Four hours of plumbing, irregular and minor contractions which Jennifer could handle relaxing on the porch swing. The basement is done, I put the schematic away, grab the roofing materials and the ladder, and throw it against the gutter in the dawn glow.

Three more hours, the sun crawling high in the sky, and the contractions have
become regular. There’s still so much to do.

How many hours a day for upkeep?

My head still down, the metronome of the nail gun. Thack. Thack. Thack. Thack.

Next shingle. Thack. Thack. Thack. Thack.

Jennifer groans through another contraction as she tries to calm her breathing. Thack. Thack. Thack. Thack.

Another groan: Closer now, more severe.

How many hours a day for upkeep?

I hear a scream coming from somewhere on an adjacent property. I look up to see my neighbor’s daughter, no older than ten, hands cupped over her mouth staring at the family car, around which thousands of bees roaring in discord.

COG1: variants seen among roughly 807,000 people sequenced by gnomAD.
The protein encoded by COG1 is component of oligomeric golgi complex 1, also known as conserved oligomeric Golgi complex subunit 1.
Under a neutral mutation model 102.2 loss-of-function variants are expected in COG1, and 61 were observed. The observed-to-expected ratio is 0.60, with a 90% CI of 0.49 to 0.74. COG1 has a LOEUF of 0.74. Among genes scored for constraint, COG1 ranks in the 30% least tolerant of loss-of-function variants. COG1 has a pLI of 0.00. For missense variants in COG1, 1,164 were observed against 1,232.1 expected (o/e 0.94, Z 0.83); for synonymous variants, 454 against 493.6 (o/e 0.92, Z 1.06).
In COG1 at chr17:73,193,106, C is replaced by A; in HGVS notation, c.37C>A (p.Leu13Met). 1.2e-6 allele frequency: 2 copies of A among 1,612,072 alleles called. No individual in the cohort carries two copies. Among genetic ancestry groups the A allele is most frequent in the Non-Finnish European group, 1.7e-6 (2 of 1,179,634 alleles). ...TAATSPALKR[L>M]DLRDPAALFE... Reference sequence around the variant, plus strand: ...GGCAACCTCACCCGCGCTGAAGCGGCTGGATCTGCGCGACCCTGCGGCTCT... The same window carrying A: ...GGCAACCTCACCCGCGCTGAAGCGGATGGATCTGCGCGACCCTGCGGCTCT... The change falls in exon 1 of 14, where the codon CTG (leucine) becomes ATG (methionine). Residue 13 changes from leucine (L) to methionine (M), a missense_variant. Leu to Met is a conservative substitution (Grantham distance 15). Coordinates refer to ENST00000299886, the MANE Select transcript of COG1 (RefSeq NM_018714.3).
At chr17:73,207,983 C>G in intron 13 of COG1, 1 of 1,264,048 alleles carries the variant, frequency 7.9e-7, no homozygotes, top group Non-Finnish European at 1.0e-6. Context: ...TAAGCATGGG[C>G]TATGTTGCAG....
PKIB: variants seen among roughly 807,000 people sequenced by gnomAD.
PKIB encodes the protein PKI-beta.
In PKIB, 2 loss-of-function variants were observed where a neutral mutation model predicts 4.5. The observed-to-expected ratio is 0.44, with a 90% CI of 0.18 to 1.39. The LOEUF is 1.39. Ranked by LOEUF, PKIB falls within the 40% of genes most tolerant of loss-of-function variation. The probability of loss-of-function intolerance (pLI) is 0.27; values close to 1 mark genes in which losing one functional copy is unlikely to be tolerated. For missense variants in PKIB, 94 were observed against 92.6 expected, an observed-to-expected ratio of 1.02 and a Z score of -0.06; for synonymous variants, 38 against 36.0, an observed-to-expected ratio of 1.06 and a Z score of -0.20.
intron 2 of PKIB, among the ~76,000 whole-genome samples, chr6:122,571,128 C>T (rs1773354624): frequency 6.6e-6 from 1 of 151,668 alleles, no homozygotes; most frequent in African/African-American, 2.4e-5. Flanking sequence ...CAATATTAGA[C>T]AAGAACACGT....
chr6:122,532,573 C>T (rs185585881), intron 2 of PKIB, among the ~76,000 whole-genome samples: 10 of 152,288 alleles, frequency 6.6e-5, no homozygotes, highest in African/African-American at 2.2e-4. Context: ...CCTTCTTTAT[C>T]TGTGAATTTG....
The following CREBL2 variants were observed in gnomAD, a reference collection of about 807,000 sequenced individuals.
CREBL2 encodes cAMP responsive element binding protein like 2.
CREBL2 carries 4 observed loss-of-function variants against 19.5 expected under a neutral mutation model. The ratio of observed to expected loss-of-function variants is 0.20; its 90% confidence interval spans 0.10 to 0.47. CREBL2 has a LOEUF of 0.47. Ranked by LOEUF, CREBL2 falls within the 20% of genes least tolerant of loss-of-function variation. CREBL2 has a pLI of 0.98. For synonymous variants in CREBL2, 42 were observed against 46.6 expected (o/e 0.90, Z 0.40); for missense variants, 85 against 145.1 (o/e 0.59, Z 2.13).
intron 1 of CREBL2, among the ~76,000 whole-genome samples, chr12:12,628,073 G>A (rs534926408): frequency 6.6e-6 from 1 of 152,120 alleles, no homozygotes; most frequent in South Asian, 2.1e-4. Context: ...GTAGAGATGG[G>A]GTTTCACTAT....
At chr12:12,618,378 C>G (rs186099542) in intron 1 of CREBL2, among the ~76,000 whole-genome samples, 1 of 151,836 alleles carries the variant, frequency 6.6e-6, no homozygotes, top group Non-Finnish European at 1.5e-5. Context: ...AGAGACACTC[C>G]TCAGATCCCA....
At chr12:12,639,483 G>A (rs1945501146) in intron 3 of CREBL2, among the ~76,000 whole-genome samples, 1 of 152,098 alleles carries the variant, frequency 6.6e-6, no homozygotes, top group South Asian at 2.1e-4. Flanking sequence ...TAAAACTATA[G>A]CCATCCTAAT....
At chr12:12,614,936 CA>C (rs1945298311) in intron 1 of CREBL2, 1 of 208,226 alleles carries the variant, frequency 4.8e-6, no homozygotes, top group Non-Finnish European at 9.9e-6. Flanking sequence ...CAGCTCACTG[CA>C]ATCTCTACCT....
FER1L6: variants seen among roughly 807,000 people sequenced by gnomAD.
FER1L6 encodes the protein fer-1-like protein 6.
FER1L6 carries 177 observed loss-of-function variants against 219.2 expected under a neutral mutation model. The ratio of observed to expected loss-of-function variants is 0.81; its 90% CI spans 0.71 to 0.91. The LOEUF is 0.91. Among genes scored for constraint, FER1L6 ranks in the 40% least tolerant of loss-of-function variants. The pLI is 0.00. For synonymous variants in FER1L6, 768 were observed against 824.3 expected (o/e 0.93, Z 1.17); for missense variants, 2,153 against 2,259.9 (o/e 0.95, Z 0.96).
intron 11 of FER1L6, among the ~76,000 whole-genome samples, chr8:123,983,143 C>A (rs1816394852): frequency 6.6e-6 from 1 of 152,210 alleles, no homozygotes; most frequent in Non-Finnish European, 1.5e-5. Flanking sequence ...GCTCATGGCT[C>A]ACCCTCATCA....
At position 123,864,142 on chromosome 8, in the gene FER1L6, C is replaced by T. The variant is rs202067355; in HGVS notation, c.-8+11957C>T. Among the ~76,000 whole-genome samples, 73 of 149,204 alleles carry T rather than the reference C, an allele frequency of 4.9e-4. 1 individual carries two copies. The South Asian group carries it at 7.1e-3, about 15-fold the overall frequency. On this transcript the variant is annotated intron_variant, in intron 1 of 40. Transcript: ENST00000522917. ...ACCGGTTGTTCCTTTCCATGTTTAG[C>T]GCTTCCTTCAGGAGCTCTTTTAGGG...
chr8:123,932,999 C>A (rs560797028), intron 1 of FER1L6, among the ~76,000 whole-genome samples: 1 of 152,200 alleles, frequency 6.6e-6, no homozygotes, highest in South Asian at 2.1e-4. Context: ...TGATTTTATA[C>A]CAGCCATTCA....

How many hours a day for upkeep?

“No!” I look over at the hive: no activity. I bound dangerously down the ladder and along the slate path that I laid with my own hands.

A groan, loud and pained.

Past the garden that I planted with my own hands. Through the hedges that I trim with my own hands. All clattering or weedy or overgrown, disheveled rags of old projects, the corpses of freedom, of individuality. The hive is silent. I haven’t done enough. Eighteen years gone, and I am unprepared, left scrambling over my lost livelihoods and unable to turn a page to see what happens next.

No, no, no, I mutter as I tear off the outer cover, inner cover, pull the frames out of the brood box. The brood is there, capped, infantile, helpless. The queen is there, left alone to rear them all. There are no workers to be found.

It’s taken me years to build.

How many hours a day for upkeep?

I hear Jennifer calling my name in a panic. Screaming it. She appears hobbling at the hedge, holding her back. My water broke! She’s saying.

Quite a few.